If marijuana were treated like lettuce and tomatoes, this debacle would end. After all, it is plant. Take the government out of the equation. It does not belong. I spent 5 years in Federal Prison for a marijuana offense. I wrote about the great times I had before my arrest . Following a fiasco with the IRS, I became a dealer of ounces, then pounds, then multi-tons. Later, I became an importer. I and my friends were living free and harming no one. My book: Shoulda Robbed a Bank I would be honored by your review.
FlyingTooLow October 30, 2012 at 06:41 PM
All card-carrying members of the DEA need to read: Shoulda Robbed a Bank Here is one of its reviews: 5.0 out of 5 stars... If David Sedaris had written 'Catcher in the Rye'..this would be it, June 30, 2012 Amazon Verified Purchase This review is from: Shoulda Robbed a Bank (Kindle Edition) I have never smoked pot in my life...nor do I ever care to. I read about this book in numerous Huffington Post comments. Thought I would read it because I know nothing about marijuana or the people involved with it. I am ecstatic that I did. Funny, Funny, Funny!!! The chapters are like short stories. Stories about unloading boats with helicopters, close encounters with law enforcement, traveling through the jungles of South America. The chapter about the author's first time smoking marijuana made me feel like I was with him...coughing. All of the characters were just a group of loveable, nice guys and girls. Not what I had been raised to believe...hysterical maniacs high on pot bent on death and mayhem. They were nothing like that. If you have ever read any of David Sedaris' books, and like them...you will love Shoulda Robbed a Bank. And the crazy things happening reminded me of Holden Caufield in 'Catcher in the Rye' and the way he staggered through life. The way the words are put together are like nothing I have ever heard. I am sure I will use many of the sayings found in this book just to dazzle my friends. A terrific read. I love this book.
Jeanne Gustafson October 30, 2012 at 06:51 PM
If you're proud of your book, you should post under your actual name so people can search for it.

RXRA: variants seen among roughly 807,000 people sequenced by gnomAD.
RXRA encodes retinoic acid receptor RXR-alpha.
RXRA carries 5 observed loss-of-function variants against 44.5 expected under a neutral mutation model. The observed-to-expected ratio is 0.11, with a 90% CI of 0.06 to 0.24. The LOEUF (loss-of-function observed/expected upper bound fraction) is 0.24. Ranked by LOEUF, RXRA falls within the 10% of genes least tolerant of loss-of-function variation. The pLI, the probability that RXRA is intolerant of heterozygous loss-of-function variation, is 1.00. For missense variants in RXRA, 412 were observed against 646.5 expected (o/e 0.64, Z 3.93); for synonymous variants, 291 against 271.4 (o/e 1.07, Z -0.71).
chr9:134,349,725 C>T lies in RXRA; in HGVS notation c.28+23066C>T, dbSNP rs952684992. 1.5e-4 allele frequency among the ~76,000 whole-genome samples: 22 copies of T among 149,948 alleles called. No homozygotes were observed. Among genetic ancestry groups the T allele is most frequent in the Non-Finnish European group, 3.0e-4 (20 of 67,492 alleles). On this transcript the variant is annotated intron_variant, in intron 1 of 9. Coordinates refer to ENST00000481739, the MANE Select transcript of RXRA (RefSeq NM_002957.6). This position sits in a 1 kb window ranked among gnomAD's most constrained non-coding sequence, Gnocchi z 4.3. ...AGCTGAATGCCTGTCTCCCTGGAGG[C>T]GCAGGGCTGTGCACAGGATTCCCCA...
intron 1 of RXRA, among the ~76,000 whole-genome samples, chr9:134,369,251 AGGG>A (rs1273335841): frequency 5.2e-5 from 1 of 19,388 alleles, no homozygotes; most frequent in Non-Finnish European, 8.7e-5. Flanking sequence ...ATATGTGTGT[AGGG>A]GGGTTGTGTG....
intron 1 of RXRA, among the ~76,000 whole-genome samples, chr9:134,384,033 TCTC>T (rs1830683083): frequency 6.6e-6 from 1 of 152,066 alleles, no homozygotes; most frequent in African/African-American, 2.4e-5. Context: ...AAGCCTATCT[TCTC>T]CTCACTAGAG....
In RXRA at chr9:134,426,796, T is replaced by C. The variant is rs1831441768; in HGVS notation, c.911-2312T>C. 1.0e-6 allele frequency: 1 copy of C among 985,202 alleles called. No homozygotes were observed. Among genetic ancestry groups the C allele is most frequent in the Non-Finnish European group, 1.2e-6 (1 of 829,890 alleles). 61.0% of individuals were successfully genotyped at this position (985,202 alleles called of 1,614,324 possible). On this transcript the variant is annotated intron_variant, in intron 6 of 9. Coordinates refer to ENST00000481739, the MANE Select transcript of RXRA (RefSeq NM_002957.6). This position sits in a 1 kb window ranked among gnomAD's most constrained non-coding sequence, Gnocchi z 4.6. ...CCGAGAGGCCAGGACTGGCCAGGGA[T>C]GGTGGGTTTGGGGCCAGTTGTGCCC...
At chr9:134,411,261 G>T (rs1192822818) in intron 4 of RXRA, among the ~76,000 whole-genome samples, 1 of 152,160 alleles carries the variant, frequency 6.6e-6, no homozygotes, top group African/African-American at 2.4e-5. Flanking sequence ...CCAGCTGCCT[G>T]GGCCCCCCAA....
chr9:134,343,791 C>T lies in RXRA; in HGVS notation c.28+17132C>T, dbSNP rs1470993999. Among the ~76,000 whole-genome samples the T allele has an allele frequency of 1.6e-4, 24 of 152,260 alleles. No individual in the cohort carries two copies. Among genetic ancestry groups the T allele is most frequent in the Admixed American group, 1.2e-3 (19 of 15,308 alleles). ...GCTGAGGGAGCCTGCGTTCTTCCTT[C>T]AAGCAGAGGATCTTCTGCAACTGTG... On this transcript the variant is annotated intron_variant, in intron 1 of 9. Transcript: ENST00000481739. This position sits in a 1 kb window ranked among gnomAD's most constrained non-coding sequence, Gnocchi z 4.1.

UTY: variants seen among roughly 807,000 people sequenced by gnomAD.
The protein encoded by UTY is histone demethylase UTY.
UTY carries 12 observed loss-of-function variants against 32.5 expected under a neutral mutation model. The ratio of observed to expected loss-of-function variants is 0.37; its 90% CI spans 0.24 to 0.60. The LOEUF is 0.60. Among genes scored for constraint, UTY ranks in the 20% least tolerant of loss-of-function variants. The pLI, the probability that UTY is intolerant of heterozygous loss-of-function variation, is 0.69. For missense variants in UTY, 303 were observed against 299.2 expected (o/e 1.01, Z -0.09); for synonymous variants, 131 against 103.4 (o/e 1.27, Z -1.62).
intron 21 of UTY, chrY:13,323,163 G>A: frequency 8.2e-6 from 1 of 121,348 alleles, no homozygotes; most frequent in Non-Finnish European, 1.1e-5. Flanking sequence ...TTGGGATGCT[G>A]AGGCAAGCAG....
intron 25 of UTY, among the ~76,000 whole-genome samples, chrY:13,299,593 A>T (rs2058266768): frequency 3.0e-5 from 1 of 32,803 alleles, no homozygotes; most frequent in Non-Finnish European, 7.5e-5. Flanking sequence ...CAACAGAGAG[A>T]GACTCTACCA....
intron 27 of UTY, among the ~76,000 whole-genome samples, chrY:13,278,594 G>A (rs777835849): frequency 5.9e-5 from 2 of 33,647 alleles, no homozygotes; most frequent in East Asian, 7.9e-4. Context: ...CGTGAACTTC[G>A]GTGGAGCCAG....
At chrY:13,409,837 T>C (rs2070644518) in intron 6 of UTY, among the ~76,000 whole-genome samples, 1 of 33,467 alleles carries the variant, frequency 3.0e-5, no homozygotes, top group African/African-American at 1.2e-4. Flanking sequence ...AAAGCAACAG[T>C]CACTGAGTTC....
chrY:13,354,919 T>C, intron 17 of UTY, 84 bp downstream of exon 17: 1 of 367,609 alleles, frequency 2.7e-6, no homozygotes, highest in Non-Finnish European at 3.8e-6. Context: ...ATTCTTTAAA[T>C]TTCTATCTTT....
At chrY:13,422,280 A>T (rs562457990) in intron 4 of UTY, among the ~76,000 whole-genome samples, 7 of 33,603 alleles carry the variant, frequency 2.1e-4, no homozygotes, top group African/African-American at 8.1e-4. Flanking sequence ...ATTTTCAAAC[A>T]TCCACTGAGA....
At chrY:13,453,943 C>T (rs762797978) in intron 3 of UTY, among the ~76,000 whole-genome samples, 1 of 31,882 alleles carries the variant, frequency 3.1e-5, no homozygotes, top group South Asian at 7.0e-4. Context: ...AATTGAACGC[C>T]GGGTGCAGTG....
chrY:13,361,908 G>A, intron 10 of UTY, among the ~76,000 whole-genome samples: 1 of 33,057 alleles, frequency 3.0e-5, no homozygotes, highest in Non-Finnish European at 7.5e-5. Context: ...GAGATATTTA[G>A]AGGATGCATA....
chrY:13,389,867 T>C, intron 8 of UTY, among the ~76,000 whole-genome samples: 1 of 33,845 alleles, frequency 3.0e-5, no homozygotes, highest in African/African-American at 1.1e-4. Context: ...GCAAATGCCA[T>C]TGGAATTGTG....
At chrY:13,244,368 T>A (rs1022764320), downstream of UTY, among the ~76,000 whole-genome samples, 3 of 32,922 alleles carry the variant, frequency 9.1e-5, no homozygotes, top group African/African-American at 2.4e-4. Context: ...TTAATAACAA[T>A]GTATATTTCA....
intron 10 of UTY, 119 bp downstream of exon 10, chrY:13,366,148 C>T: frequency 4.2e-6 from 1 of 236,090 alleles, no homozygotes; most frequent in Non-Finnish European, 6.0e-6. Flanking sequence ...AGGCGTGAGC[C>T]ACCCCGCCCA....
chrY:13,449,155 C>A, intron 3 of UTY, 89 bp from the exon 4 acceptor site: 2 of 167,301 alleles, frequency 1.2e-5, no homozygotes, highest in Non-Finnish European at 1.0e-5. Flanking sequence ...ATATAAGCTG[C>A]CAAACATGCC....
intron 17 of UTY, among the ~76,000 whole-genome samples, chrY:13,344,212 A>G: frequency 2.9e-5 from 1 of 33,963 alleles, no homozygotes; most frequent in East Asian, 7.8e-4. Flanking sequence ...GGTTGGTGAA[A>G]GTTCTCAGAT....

Nancy Cunningham October 30, 2012 at 07:08 PM
What are the chances of a pothead having the motivation to do anything, much less rob a bank or write a book? Amazing!
Pauline October 30, 2012 at 08:12 PM
Grow up.
Question Mark October 30, 2012 at 08:26 PM
Troy, Good luck getting the initiative (or bill) that addresses the weaknesses you perceive passed into law. While the voting public appears to have much more permissive views about the subject of marijuana, I'm not sure you'll find a majority agrees that objective standards for intoxication ought not to be specified when de facto greater use of an intoxicating substance is being permitted. Best, --Mark
dexterjibs October 31, 2012 at 01:31 AM
Another effort by potheads to get high legally. One thing this country doesn't need is another intoxicant made legal to use. What is so sad is that more and more people are buying into the lies being used to get this initiative passed. People are obviously very intellectually lazy.
Jeanne Gustafson October 31, 2012 at 03:42 AM
Your comments are appreciated, but I hope you did notice that this letter writer doesn't support this initiative.
dexterjibs October 31, 2012 at 06:46 AM
Yes, i did notice that, Jeanne and thank you. But if you notice, he does support the legalization of marihuana. But my comments were directed at Troy. My comments were directed at the movement behind the mythical medicinal marihuana movement and legalization of marihuana movement. And, how these movements are using lies to get their desire to get high legally passed. Troy is right, there will be buyer's remorse if marihuana is legalized in any fashion. I will say that Troy did write an outstanding article and made some great points.
Jeanne Gustafson October 31, 2012 at 03:39 PM
Thanks for helping clarify, dexterjibs. My comment was intended to make sure those browsing the comments here didn't miss the fact that though Troy Barber is part of a group, Sensible Washington, that does want legalization, that the group is not in favor of I-502.
Cosmo October 31, 2012 at 04:53 PM
Yeah, why can't they just get a bottle of gin at the local Walgreen's like everyone else?
Jeanne Gustafson October 31, 2012 at 04:58 PM
I am with you on that one, Cosmo. I've been surprised to see "pocket shots" now popping up right next to the candy at the check-out stands in some places--new kind of impulse buying, I guess.
Local Guy October 31, 2012 at 05:03 PM
"Another effort by potheads to get high legally." Says the man getting his nicotine rush on...
FlyingTooLow October 31, 2012 at 05:13 PM
@Jeanne Gustafson... I have found it easier to google the title: Shoulda Robbed a Bank Author's name is: Hugh Yonn A million thanks for the suggestion and your comment.
bigyaz October 31, 2012 at 05:14 PM
What "lies" are you talking about? Be specific. Just because you disagree with a point of view doesn't mean the other side is lying. You're perpetuating the "us vs. them" mentality that has poisoned public discourse today.
FlyingTooLow October 31, 2012 at 05:15 PM